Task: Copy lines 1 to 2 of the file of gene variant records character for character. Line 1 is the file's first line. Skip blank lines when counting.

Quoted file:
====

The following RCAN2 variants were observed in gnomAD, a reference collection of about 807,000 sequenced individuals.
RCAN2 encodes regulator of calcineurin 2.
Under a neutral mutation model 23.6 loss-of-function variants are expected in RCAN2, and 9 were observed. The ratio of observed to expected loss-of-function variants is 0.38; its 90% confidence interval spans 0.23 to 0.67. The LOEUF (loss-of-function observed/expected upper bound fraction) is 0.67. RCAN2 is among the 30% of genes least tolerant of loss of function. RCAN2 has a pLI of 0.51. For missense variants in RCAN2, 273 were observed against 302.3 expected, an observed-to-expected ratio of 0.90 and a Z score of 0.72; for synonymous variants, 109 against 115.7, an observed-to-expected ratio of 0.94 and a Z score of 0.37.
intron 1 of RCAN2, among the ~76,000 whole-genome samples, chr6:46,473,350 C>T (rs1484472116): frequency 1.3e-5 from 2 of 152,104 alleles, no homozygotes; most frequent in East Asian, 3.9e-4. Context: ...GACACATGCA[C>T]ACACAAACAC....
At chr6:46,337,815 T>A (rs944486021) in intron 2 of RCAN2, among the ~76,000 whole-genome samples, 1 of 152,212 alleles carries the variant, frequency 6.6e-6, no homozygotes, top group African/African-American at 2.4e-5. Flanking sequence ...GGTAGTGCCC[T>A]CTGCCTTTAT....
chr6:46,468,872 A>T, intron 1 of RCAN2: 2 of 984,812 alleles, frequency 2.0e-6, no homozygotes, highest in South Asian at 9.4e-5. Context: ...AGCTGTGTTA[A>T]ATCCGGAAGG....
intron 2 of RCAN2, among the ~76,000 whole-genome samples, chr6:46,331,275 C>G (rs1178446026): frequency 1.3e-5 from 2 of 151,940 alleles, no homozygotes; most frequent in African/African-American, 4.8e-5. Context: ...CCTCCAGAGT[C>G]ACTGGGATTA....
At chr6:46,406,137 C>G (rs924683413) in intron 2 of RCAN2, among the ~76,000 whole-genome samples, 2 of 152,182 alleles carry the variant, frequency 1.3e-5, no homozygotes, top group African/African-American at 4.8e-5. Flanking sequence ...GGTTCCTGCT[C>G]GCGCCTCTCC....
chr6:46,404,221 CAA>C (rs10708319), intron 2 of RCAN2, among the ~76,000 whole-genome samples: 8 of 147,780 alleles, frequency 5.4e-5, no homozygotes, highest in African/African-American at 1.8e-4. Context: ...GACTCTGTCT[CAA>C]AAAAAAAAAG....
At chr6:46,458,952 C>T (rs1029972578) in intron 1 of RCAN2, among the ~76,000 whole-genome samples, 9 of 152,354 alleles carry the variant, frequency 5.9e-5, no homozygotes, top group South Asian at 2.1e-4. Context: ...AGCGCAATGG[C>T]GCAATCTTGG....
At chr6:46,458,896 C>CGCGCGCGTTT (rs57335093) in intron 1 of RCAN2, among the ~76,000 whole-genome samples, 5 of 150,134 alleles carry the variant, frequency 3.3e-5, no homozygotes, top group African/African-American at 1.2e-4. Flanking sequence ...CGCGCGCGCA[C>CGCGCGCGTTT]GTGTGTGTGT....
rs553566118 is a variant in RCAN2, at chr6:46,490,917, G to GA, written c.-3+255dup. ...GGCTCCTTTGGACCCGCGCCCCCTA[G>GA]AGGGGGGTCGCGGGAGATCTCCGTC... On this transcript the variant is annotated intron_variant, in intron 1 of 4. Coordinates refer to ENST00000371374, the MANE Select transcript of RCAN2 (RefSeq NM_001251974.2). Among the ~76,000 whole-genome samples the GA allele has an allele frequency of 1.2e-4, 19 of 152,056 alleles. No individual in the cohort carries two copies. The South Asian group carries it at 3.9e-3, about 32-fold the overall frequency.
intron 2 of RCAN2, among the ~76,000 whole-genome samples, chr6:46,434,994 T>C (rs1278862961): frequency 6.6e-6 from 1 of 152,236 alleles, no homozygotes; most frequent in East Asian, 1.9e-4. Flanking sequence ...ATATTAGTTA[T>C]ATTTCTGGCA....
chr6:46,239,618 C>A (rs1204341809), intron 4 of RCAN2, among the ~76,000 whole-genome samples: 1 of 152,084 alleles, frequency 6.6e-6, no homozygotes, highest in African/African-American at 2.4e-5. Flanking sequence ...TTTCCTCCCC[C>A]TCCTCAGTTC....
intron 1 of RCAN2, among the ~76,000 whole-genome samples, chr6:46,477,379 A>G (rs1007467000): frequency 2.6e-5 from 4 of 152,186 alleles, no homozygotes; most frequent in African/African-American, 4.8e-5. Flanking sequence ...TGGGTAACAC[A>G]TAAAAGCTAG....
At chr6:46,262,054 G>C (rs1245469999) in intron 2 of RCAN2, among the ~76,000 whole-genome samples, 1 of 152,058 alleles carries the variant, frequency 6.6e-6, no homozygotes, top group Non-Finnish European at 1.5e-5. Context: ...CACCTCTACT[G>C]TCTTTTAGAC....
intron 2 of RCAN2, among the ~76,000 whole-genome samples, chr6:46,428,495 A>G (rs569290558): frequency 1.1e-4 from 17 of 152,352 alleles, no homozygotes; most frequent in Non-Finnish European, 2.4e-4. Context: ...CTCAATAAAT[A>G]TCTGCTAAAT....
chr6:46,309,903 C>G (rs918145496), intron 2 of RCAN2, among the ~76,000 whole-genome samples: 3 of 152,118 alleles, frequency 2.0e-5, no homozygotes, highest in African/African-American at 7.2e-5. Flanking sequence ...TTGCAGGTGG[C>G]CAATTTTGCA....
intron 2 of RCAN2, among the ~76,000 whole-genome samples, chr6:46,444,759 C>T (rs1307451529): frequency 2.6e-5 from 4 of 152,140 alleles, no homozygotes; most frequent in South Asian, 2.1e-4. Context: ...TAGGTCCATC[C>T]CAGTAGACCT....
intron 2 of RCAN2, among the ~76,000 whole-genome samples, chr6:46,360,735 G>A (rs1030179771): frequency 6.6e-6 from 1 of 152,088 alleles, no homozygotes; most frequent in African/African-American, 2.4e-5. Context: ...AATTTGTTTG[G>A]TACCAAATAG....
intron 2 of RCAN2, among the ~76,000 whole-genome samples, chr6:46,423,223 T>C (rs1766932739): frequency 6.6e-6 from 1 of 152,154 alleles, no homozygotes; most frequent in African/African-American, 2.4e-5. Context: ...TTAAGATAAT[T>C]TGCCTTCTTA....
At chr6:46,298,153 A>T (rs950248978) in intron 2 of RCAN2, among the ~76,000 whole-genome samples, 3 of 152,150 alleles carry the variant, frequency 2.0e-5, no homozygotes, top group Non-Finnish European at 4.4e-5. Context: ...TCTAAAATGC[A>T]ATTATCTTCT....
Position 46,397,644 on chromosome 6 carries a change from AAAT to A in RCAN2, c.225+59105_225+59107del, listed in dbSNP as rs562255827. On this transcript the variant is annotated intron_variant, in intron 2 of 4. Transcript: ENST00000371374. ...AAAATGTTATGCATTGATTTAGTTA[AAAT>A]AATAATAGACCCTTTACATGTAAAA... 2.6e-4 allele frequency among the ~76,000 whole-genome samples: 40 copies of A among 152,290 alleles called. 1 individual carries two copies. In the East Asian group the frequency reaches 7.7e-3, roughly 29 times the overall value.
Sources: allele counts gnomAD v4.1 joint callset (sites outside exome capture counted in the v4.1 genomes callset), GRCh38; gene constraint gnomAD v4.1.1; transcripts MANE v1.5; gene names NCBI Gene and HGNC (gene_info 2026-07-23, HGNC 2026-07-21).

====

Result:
The following RCAN2 variants were observed in gnomAD, a reference collection of about 807,000 sequenced individuals.
RCAN2 encodes regulator of calcineurin 2.